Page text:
A Facebook post about Halloween has gone viral because there is still no common ground on this seasonal debate: Should teenagers go trick-or-treating?
It’s a bedeviling topic. Last year the “Today” show conducted a nonscientific poll asking, “How old is too old to trick-or-treat?”
While parents couldn’t agree on a specific cut-off age, they did specify a range. Seventy-three percent of more than 2,000 respondents said kids should stop trick-or-treating between the ages of 12 and 17.
No, no, no, argues the Facebook post that went up Monday on the Budget 101 Facebook page.
It argues that everyone, regardless of age, should get candy on Halloween.
“For those passing out candy this year, can you please take into consideration giving candy to teenagers and not shaming them for trick or treating by saying ‘aren’t you too old to be doing this?’” says the post that by Tuesday had been shared nearly 4,000 times and elicited close to 500 comments.
“Just take a second to think … would you rather them be out drinking and driving putting not only their life in danger but possibly you and/or your child’s life in danger? Or would you rather them be knocking on your door getting candy?
“Just think about that before you turn down candy to one of them. I’d rather see my teen doing this rather than something dangerous. Just because they’re 16 doesn’t mean they don’t deserve to have a little safe, legal fun.
“Also, size doesn’t always determine mental age or special needs. You may see a teenager, but they may still relate as a younger child!”
Though the majority of those who commented seemed to agree with the everyone-gets-candy stance, those who didn’t like to see teenagers trick-or-treating were adamant about it.
Leave the treats to the tots, they argued.
“Wth? If you are 16 years old (trick) or treating, that is a problem. How about get a damn job and buy your own candy,” wrote commenter Diane Thorne.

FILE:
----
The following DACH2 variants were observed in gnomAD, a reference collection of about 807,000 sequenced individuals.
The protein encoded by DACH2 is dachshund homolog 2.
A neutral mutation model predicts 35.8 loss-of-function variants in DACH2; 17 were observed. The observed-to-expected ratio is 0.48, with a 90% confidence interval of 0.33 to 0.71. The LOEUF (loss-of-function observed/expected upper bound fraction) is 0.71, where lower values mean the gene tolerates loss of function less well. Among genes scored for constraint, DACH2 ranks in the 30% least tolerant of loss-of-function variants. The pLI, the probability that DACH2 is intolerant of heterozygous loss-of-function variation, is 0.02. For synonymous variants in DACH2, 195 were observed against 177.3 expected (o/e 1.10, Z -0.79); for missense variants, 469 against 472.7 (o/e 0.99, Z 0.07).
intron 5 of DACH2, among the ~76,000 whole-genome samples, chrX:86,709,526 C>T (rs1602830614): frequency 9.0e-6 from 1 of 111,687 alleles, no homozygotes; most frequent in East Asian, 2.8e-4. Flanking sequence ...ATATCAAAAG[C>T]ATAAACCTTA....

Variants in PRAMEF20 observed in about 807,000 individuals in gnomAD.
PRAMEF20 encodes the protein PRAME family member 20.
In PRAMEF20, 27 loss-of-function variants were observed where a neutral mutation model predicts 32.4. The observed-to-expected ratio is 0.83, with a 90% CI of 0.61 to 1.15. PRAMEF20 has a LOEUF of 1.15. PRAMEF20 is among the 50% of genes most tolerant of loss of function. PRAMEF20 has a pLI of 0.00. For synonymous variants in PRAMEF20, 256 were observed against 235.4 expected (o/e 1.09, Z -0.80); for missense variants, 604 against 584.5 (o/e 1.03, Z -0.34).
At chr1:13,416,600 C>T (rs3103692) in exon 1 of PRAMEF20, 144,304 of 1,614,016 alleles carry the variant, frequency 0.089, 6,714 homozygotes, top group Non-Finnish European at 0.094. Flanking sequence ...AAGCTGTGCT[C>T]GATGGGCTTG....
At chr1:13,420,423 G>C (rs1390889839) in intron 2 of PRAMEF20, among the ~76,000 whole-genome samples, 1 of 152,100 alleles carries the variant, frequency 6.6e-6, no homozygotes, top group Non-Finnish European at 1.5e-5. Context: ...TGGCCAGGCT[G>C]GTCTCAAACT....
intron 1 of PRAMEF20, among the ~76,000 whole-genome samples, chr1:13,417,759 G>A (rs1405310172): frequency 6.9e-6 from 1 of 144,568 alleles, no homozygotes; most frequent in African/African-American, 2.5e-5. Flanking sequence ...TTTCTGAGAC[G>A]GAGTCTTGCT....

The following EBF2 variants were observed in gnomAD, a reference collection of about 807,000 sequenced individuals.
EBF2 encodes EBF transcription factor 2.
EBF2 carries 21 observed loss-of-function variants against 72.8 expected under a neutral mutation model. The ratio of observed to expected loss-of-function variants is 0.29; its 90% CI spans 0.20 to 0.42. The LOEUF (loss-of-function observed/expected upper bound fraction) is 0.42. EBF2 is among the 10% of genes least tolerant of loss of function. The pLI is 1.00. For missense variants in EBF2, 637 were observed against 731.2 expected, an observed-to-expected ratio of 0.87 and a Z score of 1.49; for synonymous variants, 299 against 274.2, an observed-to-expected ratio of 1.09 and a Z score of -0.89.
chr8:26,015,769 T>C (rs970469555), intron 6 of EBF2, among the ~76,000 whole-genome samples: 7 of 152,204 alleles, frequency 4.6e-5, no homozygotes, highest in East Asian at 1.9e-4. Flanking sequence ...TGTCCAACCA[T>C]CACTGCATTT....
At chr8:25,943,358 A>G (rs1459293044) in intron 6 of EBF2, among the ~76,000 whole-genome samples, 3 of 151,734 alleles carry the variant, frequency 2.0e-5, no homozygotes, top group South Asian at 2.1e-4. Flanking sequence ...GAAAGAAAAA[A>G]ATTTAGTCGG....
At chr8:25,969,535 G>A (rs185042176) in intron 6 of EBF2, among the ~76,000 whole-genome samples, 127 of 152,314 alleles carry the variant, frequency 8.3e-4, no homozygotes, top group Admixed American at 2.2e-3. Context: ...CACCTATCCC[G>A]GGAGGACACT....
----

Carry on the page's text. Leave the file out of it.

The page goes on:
A few people said they won’t even open the door to anyone over a certain height on Halloween.
“In the world today, anyone is foolish to open their door to anyone masked over 4’ tall and not walking with Daddy,” wrote Lou Latta. “Have a party for your teens, but keep them off the streets and away from strangers’ homes.”
Some people drew the line at whether the teens bothered to wear a costume.
“Well … to say wouldn’t it be better to have teens treat/treating rather than out drinking is silly as if drinking is the only alternative to TT … really?” wrote Karin Edwards.
“Perhaps stay home and hand out candy to little ones? Go to an adult supervised party? Candy is expensive and I’d rather give what I have to little ones than a teen a foot taller than me not dressed up who gets (surly) because the candy isn’t to their liking.”
Clearly, a few bad apples have ruined it for all teens in some neighborhoods.
“Unfortunately these teens go to houses very late, and have no respect when families are not responsive. They often drive poorly (scavenging) every neighborhood endangering the lives of little children,” griped Facebook user Christy Madewell Tull.
“They show up in large groups and intimidate may single and elderly persons. If teens were respectful it wouldn’t be an issue. But in my 47 years I’ve never had a teen (15+) show up polite and respectful. I refuse to open my door.”
Those types of comments, however, were outweighed by the majority, which suggested that people are willing to give free candy to whoever darkens their stoop on Oct. 31, be they 6 or 16.
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